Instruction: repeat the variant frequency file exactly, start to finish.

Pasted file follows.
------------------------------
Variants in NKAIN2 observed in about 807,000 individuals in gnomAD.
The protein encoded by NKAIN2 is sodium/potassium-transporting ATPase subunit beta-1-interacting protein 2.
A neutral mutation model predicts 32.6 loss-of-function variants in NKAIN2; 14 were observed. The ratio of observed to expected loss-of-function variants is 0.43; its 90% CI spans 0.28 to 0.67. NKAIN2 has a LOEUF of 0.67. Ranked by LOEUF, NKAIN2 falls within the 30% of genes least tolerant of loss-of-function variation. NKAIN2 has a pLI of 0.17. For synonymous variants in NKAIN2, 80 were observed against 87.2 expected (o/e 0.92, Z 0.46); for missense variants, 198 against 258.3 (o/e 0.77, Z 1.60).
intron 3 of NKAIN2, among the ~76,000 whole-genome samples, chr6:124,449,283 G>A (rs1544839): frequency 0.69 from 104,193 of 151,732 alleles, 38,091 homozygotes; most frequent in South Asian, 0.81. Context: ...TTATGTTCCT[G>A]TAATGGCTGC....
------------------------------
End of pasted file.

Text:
Variants in NKAIN2 observed in about 807,000 individuals in gnomAD.
The protein encoded by NKAIN2 is sodium/potassium-transporting ATPase subunit beta-1-interacting protein 2.
A neutral mutation model predicts 32.6 loss-of-function variants in NKAIN2; 14 were observed. The ratio of observed to expected loss-of-function variants is 0.43; its 90% CI spans 0.28 to 0.67. NKAIN2 has a LOEUF of 0.67. Ranked by LOEUF, NKAIN2 falls within the 30% of genes least tolerant of loss-of-function variation. NKAIN2 has a pLI of 0.17. For synonymous variants in NKAIN2, 80 were observed against 87.2 expected (o/e 0.92, Z 0.46); for missense variants, 198 against 258.3 (o/e 0.77, Z 1.60).
intron 3 of NKAIN2, among the ~76,000 whole-genome samples, chr6:124,449,283 G>A (rs1544839): frequency 0.69 from 104,193 of 151,732 alleles, 38,091 homozygotes; most frequent in South Asian, 0.81. Context: ...TTATGTTCCT[G>A]TAATGGCTGC....